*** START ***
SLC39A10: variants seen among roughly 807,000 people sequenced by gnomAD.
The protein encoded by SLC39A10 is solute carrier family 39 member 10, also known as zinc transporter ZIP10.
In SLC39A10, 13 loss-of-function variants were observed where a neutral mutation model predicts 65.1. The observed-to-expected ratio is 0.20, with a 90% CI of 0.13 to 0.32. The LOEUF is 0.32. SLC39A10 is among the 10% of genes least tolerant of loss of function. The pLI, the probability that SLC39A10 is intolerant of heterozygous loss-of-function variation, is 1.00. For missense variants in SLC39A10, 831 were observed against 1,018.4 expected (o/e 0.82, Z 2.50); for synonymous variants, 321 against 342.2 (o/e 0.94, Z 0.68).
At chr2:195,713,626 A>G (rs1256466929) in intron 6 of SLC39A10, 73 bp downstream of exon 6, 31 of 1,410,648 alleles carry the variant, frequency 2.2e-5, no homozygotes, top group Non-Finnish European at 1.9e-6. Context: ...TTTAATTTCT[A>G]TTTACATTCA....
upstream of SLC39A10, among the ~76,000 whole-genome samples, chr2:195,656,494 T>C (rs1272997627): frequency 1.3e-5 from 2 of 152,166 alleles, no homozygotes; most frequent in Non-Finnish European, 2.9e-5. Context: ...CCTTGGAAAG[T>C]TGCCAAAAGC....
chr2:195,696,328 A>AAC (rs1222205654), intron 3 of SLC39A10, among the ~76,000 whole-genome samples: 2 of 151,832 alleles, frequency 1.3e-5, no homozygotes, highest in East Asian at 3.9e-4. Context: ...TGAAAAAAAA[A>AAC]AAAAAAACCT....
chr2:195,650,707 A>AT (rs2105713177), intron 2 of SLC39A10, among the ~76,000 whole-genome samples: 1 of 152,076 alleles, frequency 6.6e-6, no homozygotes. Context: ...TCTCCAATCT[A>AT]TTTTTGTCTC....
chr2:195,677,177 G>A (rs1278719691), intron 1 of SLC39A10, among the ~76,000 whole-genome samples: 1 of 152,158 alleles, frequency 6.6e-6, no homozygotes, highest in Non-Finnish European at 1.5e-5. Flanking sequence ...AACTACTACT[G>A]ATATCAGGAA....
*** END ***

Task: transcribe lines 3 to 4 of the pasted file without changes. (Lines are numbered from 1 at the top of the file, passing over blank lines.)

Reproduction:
In SLC39A10, 13 loss-of-function variants were observed where a neutral mutation model predicts 65.1. The observed-to-expected ratio is 0.20, with a 90% CI of 0.13 to 0.32. The LOEUF is 0.32. SLC39A10 is among the 10% of genes least tolerant of loss of function. The pLI, the probability that SLC39A10 is intolerant of heterozygous loss-of-function variation, is 1.00. For missense variants in SLC39A10, 831 were observed against 1,018.4 expected (o/e 0.82, Z 2.50); for synonymous variants, 321 against 342.2 (o/e 0.94, Z 0.68).
At chr2:195,713,626 A>G (rs1256466929) in intron 6 of SLC39A10, 73 bp downstream of exon 6, 31 of 1,410,648 alleles carry the variant, frequency 2.2e-5, no homozygotes, top group Non-Finnish European at 1.9e-6. Context: ...TTTAATTTCT[A>G]TTTACATTCA....